TAIPEI — iPhones might one day soon carry “Made in America” labels.
Key Apple assembler Hon Hai Precision Industry, also known as Foxconn Technology Group, has been studying the possibility of moving iPhone production to the U.S., sources told the Nikkei Asian Review.
“Apple asked both Foxconn and Pegatron, the two iPhone assemblers, in June to look into making iPhones in the U.S.,” a source said. “Foxconn complied, while Pegatron declined to formulate such a plan due to cost concerns.”
Foxconn, based in the gritty, industrial Tucheng district in suburban Taipei, and its smaller Taiwanese rival churn out more than 200 million iPhones annually from their massive Chinese campuses.
Another source said that while Foxconn had been working on the request from Apple Inc., its biggest customer that accounts for more than 50% of its sales, Chairman Terry Gou had been less enthusiastic due to an inevitable rise in production costs.
“Making iPhones in the U.S. means the cost will more than double,” the source said.
The person added that one view among the Apple supply chain in Taiwan is that U.S. President-elect Donald Trump may push the Cupertino, California-based tech titan to make a certain number of iPhone components at home.
According to research company IHS Markit, it costs about $225 for Apple to make an iPhone 7 with a 32GB memory, while the unsubsidized price for such a handset is $649.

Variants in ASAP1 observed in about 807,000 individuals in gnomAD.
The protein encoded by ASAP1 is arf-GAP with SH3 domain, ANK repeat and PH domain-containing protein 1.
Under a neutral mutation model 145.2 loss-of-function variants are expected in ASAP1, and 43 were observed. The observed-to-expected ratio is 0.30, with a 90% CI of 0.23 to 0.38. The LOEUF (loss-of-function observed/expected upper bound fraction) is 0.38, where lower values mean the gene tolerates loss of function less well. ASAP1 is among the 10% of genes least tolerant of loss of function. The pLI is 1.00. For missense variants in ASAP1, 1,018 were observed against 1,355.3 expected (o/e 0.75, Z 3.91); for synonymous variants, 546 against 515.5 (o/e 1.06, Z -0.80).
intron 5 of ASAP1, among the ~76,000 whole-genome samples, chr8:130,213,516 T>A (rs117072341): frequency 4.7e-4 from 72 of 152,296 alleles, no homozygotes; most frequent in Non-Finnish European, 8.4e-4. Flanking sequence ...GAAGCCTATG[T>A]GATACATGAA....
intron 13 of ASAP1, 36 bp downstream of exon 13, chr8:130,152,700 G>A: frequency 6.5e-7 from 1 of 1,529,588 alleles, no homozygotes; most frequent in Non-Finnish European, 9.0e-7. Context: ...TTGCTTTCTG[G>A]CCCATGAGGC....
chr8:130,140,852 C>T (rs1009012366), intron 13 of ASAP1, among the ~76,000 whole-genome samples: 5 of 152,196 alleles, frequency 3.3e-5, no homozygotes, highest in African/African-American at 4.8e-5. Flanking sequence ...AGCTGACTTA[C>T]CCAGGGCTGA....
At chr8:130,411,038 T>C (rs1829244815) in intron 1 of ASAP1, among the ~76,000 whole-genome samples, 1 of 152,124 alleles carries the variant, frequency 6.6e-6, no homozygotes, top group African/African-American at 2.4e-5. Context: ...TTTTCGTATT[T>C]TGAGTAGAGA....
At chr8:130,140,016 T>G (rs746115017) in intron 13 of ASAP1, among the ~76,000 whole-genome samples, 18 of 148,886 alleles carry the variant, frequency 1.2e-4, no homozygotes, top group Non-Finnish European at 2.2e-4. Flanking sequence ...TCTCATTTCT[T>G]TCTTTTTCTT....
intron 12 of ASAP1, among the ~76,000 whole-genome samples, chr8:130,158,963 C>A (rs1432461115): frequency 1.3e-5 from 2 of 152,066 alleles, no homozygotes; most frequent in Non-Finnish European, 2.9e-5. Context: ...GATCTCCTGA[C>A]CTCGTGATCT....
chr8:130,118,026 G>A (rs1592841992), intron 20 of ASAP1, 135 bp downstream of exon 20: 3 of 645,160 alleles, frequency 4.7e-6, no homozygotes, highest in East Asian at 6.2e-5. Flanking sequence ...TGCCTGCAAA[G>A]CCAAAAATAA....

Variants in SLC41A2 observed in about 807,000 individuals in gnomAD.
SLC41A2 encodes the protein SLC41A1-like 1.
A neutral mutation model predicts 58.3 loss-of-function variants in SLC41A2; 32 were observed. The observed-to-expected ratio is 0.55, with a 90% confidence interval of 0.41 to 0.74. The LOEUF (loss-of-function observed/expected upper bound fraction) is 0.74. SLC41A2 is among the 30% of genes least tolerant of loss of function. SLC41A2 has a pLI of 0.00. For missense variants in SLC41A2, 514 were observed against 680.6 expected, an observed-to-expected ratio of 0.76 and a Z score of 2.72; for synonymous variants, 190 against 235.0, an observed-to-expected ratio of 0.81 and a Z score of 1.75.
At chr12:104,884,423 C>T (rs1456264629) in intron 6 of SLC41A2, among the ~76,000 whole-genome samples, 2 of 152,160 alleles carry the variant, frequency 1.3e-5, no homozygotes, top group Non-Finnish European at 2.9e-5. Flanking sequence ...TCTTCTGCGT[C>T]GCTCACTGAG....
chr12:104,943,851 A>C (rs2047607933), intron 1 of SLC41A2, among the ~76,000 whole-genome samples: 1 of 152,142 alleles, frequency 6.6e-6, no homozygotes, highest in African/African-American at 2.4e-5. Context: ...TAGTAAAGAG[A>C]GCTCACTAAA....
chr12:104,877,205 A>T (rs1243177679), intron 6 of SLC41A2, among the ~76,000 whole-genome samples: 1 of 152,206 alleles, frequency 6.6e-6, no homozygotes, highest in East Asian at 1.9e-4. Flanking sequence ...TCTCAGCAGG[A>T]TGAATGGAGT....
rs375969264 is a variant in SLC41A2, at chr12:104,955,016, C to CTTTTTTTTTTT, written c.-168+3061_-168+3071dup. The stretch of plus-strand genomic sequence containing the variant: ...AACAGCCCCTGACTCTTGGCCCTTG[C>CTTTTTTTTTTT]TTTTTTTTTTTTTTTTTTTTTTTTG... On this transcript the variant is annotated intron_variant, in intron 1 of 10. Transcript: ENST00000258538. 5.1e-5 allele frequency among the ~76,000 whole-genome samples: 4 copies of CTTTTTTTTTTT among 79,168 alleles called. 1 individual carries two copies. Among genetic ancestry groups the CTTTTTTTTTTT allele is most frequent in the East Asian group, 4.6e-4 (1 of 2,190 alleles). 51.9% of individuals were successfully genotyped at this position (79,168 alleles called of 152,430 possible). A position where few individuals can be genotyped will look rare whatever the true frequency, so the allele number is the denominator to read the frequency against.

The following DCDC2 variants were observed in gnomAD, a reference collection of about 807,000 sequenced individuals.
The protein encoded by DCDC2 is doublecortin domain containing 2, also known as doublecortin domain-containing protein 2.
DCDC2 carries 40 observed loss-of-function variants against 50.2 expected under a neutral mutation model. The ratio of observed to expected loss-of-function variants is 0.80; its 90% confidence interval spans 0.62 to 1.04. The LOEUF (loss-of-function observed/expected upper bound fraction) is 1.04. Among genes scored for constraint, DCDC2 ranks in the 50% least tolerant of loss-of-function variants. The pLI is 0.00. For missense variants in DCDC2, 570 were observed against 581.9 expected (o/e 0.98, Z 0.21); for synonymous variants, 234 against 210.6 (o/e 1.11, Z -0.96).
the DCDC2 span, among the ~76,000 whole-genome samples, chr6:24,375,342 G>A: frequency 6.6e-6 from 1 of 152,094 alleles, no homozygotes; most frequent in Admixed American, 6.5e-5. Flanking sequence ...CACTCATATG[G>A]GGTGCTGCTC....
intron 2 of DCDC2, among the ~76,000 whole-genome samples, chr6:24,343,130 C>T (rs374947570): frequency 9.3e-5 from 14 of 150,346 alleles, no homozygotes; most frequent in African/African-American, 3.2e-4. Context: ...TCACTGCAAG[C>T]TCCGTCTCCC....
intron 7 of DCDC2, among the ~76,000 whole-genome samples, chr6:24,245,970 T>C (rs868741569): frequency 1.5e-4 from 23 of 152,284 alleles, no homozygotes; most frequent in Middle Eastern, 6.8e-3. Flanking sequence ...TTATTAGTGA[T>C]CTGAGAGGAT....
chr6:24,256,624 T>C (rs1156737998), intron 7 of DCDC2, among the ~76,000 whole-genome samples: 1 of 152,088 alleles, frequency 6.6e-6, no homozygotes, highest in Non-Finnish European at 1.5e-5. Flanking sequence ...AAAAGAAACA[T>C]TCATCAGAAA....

Apple, Foxconn and Pegatron all declined to comment.
Not Made in America
Apple’s move appears to fall in line with Trump’s pledge to push American companies to make their products at home. There is a widespread perception among American voters that the U.S. is losing manufacturing jobs to other countries in this age of globalization and free trade.
Other than having its popular gadgets assembled in China, Apple also procures most of the key components for its flagship iPhones from Asian suppliers.
Taiwan Semiconductor Manufacturing Co. makes chips for iPhones, Japan’s Japan Display and Sharp supply panels for Apple’s handsets, and South Korea’s SK Hynix and Japan’s Toshiba produce memory chips for the device.
Trump singled out Apple several times earlier this year to hammer home his point, and vowed to slap a 45% tariff on goods made in China.
“We’re going to get Apple to build their damn computers and things in this country instead of in other countries,” he said at Liberty University in Virginia in January.
In March, Trump further pointed the blame at China, where Apple’s assemblers churn out iPhones, iPads and MacBooks.
“How does it help us when they make it in China?” Trump said during his Super Tuesday victory speech.
The anxiety among Trump’s mostly white working-class supporters in the Rust Belt of America is understandable. While Apple claims that it created and supports 2 million jobs domestically, U.S. think-tank Economic Policy Institute estimated that America had lost 5 million manufacturing jobs between 2000 and 2014.
On the other hand, Foxconn employs some 690,000 workers in China as at the end of April, equaling the entire population of Detroit.
Even though the number is down from the peak of 1.3 million in 2012, it is still a high head count that many heads of countries, including Indian Prime Minister Narendra Modi, would like to secure for their people.
No easy job
Yet some in the Apple supply chain said it would be impossible to move iPhone production back to the U.S. due to a lack of infrastructure and a steep hike in costs.